Sustainable Aviation Fuel, Changing What Is Possible

By Dr. Patrick Gruber, PhD, CEO, Gevo, Inc.

Air travel has taken some serious lumps over the last couple of years. The pandemic hit, and fear of infection and crowded airports and planes combined with travel restrictions to reduce passenger flow to a trickle. Social media became a forum to highlight scenes of reduced air pollution, and the clean-air benefits of a worldwide lockdown. Airlines, and the industry at large needed financial help to survive. Even in the midst of a financial crisis, we see the airline industry renewing its focus on reducing GHG emissions from the burning of fossil fuels. As always, there is lots of “hype” around new technologies. As one of my colleagues keeps reminding me, “a new, shiny rock provides distraction.” At Gevo, we want to solve the big problems and we don’t shy away.

When we look at GHG emissions we look across the whole of the business system from the source of carbon, through production, to the use as a fuel, to the impacts or benefits to other related business systems. I think most people understand that all electricity is not created equal. Some is made from coal, some from natural gas, some is made from wind, some from solar, some from nuclear. How do we tell which is better from a GHG standpoint? We count fossil carbons used in the production of the electricity. Clearly solar and wind are considered low carbon, reducing or eliminating the GHGs associated with the production of electricity. Hydroelectric and nuclear production likewise eliminate GHG’s from the production of electricity, but these also bring into play other considerations. Is it ok to dam up more rivers to make more electricity? Is the building of more nuclear plants ok? Norway has done a very good job with hydroelectricity. France has done well with nuclear power.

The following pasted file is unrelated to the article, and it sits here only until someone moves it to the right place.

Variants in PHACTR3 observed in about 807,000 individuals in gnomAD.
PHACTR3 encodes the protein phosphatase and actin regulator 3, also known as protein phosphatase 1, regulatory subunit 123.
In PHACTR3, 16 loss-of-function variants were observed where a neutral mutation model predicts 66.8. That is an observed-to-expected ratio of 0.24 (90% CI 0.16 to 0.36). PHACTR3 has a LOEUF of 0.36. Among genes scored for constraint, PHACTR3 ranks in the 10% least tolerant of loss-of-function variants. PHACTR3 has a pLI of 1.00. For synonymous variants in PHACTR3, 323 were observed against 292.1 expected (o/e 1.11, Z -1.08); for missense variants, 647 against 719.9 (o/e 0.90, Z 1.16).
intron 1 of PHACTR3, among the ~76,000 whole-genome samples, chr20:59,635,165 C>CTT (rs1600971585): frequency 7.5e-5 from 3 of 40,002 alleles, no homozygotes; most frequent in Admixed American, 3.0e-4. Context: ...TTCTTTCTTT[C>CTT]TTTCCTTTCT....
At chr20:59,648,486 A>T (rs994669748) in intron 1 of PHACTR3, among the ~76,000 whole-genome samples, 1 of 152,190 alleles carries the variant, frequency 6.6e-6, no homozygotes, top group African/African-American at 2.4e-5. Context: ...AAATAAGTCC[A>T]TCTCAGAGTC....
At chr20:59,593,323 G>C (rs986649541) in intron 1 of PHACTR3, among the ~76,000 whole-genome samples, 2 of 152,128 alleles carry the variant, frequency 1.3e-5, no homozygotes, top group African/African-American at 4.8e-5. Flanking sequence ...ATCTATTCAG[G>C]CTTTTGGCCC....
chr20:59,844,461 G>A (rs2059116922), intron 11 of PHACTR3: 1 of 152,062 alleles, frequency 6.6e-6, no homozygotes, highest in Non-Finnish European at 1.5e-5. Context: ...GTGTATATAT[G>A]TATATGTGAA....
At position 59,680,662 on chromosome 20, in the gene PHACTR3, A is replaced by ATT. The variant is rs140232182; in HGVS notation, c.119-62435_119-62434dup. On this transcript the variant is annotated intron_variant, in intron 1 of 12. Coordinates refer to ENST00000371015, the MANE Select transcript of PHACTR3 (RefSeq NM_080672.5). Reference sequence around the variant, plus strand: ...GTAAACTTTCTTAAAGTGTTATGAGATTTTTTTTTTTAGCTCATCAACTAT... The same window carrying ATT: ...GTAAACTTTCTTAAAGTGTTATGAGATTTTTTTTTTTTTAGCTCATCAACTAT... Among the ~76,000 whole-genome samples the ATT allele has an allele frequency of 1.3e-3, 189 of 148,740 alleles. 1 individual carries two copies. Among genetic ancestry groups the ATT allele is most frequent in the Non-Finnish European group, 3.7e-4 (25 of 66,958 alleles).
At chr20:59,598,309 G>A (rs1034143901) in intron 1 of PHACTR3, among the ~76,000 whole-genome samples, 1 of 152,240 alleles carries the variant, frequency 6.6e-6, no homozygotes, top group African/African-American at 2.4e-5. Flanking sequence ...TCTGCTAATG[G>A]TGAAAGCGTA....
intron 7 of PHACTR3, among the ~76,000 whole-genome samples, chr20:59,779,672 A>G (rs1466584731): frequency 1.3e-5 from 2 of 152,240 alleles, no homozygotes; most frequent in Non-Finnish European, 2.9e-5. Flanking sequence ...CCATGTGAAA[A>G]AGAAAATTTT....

What will it take to eliminate the fossil footprint of jet fuel? The concept is simple: Eliminate the fossil carbon from across the system—the same approach as in making electrity. The burning of fossil carbon always results in increased GHGs. Always. Whether it is coal, natural gas, from incineration of fossil-based refuse or waste, the answer is always the same: Burning of fossil carbon leads to an increase in atmospheric CO2. Full stop. If we want to make net-zero carbon footprint fuels, we need to eliminate the fossil carbon from the whole of the business system as much as possible. But how?